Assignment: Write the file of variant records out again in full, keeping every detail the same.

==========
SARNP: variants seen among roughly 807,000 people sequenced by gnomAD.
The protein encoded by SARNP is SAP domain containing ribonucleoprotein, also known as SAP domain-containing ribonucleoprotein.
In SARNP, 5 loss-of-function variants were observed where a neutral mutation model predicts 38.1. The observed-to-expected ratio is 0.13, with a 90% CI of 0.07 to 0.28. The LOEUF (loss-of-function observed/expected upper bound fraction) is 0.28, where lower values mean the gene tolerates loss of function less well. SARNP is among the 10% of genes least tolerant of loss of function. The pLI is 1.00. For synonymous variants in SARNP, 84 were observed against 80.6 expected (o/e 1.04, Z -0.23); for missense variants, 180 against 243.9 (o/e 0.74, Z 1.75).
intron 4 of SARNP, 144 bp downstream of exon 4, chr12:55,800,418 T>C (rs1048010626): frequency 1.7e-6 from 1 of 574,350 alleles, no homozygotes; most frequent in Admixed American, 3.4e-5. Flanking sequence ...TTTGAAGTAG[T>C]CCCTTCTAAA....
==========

SARNP: variants seen among roughly 807,000 people sequenced by gnomAD.
The protein encoded by SARNP is SAP domain containing ribonucleoprotein, also known as SAP domain-containing ribonucleoprotein.
In SARNP, 5 loss-of-function variants were observed where a neutral mutation model predicts 38.1. The observed-to-expected ratio is 0.13, with a 90% CI of 0.07 to 0.28. The LOEUF (loss-of-function observed/expected upper bound fraction) is 0.28, where lower values mean the gene tolerates loss of function less well. SARNP is among the 10% of genes least tolerant of loss of function. The pLI is 1.00. For synonymous variants in SARNP, 84 were observed against 80.6 expected (o/e 1.04, Z -0.23); for missense variants, 180 against 243.9 (o/e 0.74, Z 1.75).
intron 4 of SARNP, 144 bp downstream of exon 4, chr12:55,800,418 T>C (rs1048010626): frequency 1.7e-6 from 1 of 574,350 alleles, no homozygotes; most frequent in Admixed American, 3.4e-5. Flanking sequence ...TTTGAAGTAG[T>C]CCCTTCTAAA....